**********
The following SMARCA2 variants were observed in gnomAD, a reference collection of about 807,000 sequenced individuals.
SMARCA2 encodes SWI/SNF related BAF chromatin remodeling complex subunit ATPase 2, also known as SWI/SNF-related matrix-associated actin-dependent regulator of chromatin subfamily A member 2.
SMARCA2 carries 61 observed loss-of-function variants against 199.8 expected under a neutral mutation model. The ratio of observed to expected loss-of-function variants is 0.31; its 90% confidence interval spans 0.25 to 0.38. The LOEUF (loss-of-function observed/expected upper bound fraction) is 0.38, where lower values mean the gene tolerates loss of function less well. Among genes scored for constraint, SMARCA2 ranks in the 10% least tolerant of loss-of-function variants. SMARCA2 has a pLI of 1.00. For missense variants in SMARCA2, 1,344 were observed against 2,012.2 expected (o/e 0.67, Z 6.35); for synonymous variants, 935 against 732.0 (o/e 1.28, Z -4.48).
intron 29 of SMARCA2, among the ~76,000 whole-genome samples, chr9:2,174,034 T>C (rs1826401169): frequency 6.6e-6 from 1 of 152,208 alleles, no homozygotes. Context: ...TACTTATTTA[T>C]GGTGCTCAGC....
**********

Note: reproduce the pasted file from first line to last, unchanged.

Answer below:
The following SMARCA2 variants were observed in gnomAD, a reference collection of about 807,000 sequenced individuals.
SMARCA2 encodes SWI/SNF related BAF chromatin remodeling complex subunit ATPase 2, also known as SWI/SNF-related matrix-associated actin-dependent regulator of chromatin subfamily A member 2.
SMARCA2 carries 61 observed loss-of-function variants against 199.8 expected under a neutral mutation model. The ratio of observed to expected loss-of-function variants is 0.31; its 90% confidence interval spans 0.25 to 0.38. The LOEUF (loss-of-function observed/expected upper bound fraction) is 0.38, where lower values mean the gene tolerates loss of function less well. Among genes scored for constraint, SMARCA2 ranks in the 10% least tolerant of loss-of-function variants. SMARCA2 has a pLI of 1.00. For missense variants in SMARCA2, 1,344 were observed against 2,012.2 expected (o/e 0.67, Z 6.35); for synonymous variants, 935 against 732.0 (o/e 1.28, Z -4.48).
intron 29 of SMARCA2, among the ~76,000 whole-genome samples, chr9:2,174,034 T>C (rs1826401169): frequency 6.6e-6 from 1 of 152,208 alleles, no homozygotes. Context: ...TACTTATTTA[T>C]GGTGCTCAGC....